kottke.org posts about Las Vegas
Reporting for Design Observer, Mark Lamster visits the new CityCenter complex in Las Vegas.
There's something dystopic about the place generally, and CityCenter is starting to feel like the world of Blade Runner come to life. I head back to my room, shut the black-out curtains and lie in bed. More people commit suicide in Las Vegas than in any other city in the United States.
But then, upon his return to NYC:
Drinks at Prime Meats, in Brooklyn, with my wife. Realistically, this place is as much an artifice as anything on the Strip, a re-imagining of a 19th-century saloon, complete with polished bar, antique typography, Edison bulbs. Why, then, does it feel so much more honest? Because its aesthetic is filtered through a contemporary sensibility? Because it seems a natural part of a vibrant neighborhood? Is this all bullshit I invent to make myself feel more comfortable?
A Las Vegas Weekly article about the realities of the fantasy job search for a model/bartender in Sin City highlights the hurt felt by those other sectors of the American Dream. For one, choosing what to wear to a job interview can be especially challenging when the uniform is a bikini.
After much deliberation, I chose a minimalist (cloth-wise) brown dress that matched my brown bikini and stilettos. To bring the look together, I chose a business jacket. Unfortunately, I only had non-matching black business jackets. My second choice, a leather jacket, made the outfit look oddly slutty. So I went with my jean jacket, which gave the ensemble a wholesome all-American look, but didn't do much to make me look like a businesswoman.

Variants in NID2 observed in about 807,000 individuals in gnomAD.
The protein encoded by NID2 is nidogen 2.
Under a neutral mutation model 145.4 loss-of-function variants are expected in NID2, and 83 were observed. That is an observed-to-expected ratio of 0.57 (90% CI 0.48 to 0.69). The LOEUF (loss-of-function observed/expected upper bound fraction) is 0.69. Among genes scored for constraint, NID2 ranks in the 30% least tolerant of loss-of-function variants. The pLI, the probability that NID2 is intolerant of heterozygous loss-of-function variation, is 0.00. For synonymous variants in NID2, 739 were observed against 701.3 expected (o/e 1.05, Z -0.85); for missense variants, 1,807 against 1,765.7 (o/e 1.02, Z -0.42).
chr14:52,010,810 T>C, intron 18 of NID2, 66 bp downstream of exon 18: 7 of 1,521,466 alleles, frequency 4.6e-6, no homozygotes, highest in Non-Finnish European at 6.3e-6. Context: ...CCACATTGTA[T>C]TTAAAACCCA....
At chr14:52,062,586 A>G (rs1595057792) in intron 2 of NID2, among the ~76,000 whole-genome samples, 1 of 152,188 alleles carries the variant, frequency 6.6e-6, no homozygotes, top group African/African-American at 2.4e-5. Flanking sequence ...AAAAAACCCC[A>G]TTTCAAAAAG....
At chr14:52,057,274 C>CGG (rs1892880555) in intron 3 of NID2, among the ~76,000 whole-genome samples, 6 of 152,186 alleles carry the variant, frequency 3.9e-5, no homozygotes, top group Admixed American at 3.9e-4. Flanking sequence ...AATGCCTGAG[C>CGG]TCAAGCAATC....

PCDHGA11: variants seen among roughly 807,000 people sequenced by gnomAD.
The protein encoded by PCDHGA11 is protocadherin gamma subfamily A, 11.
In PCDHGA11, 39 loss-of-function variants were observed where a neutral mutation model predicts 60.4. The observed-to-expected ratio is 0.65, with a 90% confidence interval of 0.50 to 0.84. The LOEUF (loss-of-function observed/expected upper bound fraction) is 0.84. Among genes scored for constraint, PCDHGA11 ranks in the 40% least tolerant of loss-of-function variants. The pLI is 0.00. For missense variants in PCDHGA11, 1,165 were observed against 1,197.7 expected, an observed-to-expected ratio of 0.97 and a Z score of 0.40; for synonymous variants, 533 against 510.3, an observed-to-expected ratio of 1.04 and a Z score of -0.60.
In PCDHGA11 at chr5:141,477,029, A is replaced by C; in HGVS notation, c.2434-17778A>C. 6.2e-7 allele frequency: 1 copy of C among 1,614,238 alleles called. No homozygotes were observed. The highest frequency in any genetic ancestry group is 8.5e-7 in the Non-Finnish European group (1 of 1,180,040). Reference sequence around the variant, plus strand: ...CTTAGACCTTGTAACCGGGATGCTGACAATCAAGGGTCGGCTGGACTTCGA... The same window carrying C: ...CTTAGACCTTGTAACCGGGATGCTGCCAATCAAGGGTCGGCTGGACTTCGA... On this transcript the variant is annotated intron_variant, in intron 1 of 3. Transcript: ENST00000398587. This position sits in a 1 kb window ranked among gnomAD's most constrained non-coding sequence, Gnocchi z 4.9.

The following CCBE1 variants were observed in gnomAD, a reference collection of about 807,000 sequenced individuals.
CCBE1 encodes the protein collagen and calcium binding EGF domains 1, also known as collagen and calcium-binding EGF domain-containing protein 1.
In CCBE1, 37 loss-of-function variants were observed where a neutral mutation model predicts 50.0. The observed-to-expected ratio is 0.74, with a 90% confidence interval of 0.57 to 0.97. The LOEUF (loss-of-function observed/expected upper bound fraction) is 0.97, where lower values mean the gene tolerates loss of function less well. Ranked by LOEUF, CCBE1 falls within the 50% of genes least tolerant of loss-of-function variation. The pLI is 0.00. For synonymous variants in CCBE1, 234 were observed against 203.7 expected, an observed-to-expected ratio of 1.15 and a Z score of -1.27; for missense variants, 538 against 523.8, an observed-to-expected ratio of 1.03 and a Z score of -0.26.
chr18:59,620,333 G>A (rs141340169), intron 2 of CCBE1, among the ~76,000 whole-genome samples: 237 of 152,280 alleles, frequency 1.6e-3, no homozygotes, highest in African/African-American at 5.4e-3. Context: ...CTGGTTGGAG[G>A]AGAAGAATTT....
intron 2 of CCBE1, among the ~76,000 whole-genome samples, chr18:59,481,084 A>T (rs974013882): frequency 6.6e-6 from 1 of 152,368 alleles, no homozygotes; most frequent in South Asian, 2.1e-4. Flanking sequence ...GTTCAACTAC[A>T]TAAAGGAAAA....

Nomi Malone wouldn't have survived an instant in this economy.
Stamen delivers another lovely project: Trulia Hindsight. It's an animated map of the US which shows new home construction over a period of years "with an eye towards exposing patterns of expansion and development". As you might expect, the growth of a city like Las Vegas is interesting to watch. More on the project from Stamen and on the Trulia Hindsight blog.
Interesting story from Steven Levitt: stuck in a Vegas poker tournament with a $3000 first prize but needing to go to the airport to catch the last flight of the night, he starts playing very aggressively in order to win big or lose everything so that he can leave. (via gulfstream)
Las Vegas is testing out some high-tech gadgets, including fully-automated gaming tables with no chips, cards, or dealer. Doesn't sound like much fun...
R.W. Apple on the Las Vegas dining scene and has great things to say about Joel Robuchon's return to haute cuisine. "During the tryouts preceding its official debut, the restaurant served the best food in Las Vegas, by a decisive margin, and some of the very best French food I have ever eaten on this continent."
Las Vegas is in for some water troubles. Surprisingly, it's residential use that's the problem, not the showy water displays by the casinos.
Mock-up photos of the "East Village" retail complex planned for Las Vegas. There's even a displaced meatpacking district and Washington Square arch.